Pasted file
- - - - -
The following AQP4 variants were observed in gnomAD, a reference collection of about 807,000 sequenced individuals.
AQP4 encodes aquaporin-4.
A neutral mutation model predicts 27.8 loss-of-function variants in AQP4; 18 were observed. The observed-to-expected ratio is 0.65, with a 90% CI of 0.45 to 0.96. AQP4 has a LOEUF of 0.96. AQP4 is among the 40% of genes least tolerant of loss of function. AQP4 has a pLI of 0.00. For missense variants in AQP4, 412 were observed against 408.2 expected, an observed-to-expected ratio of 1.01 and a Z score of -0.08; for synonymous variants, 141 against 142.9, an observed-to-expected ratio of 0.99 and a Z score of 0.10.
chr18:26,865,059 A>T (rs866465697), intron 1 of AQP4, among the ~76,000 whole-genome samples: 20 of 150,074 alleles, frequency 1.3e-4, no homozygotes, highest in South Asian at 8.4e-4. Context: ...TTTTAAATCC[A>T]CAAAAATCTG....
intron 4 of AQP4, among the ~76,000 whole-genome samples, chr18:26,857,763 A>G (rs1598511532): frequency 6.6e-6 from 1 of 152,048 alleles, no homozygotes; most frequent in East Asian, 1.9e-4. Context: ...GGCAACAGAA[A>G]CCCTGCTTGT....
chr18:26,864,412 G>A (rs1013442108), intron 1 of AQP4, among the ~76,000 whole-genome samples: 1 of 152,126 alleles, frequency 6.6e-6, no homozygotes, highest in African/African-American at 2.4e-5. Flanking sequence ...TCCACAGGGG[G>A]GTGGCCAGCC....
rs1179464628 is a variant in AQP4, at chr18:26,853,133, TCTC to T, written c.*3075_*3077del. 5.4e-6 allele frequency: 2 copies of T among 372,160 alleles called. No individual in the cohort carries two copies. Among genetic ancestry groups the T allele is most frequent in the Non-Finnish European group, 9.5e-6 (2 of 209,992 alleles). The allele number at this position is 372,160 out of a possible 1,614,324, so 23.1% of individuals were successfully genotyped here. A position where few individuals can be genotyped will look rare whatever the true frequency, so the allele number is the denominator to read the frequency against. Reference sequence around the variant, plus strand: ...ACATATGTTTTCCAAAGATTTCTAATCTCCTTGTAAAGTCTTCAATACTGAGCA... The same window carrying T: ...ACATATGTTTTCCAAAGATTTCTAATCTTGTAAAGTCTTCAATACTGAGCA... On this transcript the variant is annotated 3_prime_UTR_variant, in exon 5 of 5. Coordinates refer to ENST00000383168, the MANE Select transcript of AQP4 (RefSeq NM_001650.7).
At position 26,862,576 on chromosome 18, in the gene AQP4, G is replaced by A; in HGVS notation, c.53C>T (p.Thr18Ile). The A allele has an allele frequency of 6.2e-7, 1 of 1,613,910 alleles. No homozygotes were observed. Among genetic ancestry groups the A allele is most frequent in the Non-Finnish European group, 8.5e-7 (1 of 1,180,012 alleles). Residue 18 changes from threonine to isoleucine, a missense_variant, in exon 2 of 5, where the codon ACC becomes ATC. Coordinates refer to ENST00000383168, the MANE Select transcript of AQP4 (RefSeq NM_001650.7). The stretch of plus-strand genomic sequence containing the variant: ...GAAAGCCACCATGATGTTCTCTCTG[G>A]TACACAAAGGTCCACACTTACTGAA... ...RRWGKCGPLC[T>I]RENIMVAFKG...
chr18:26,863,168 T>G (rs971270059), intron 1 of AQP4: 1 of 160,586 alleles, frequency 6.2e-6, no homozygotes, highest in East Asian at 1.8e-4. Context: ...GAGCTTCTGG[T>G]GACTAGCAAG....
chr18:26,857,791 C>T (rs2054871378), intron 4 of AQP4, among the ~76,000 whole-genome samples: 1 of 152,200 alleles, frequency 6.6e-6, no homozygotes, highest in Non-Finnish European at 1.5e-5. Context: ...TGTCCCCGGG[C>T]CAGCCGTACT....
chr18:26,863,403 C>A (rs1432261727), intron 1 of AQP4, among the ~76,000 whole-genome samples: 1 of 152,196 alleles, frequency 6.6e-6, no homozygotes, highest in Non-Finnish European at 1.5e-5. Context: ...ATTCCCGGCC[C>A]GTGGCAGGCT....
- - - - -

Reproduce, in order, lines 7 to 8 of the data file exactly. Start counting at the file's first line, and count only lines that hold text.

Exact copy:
rs1179464628 is a variant in AQP4, at chr18:26,853,133, TCTC to T, written c.*3075_*3077del. 5.4e-6 allele frequency: 2 copies of T among 372,160 alleles called. No individual in the cohort carries two copies. Among genetic ancestry groups the T allele is most frequent in the Non-Finnish European group, 9.5e-6 (2 of 209,992 alleles). The allele number at this position is 372,160 out of a possible 1,614,324, so 23.1% of individuals were successfully genotyped here. A position where few individuals can be genotyped will look rare whatever the true frequency, so the allele number is the denominator to read the frequency against. Reference sequence around the variant, plus strand: ...ACATATGTTTTCCAAAGATTTCTAATCTCCTTGTAAAGTCTTCAATACTGAGCA... The same window carrying T: ...ACATATGTTTTCCAAAGATTTCTAATCTTGTAAAGTCTTCAATACTGAGCA... On this transcript the variant is annotated 3_prime_UTR_variant, in exon 5 of 5. Coordinates refer to ENST00000383168, the MANE Select transcript of AQP4 (RefSeq NM_001650.7).
At position 26,862,576 on chromosome 18, in the gene AQP4, G is replaced by A; in HGVS notation, c.53C>T (p.Thr18Ile). The A allele has an allele frequency of 6.2e-7, 1 of 1,613,910 alleles. No homozygotes were observed. Among genetic ancestry groups the A allele is most frequent in the Non-Finnish European group, 8.5e-7 (1 of 1,180,012 alleles). Residue 18 changes from threonine to isoleucine, a missense_variant, in exon 2 of 5, where the codon ACC becomes ATC. Coordinates refer to ENST00000383168, the MANE Select transcript of AQP4 (RefSeq NM_001650.7). The stretch of plus-strand genomic sequence containing the variant: ...GAAAGCCACCATGATGTTCTCTCTG[G>A]TACACAAAGGTCCACACTTACTGAA... ...RRWGKCGPLC[T>I]RENIMVAFKG...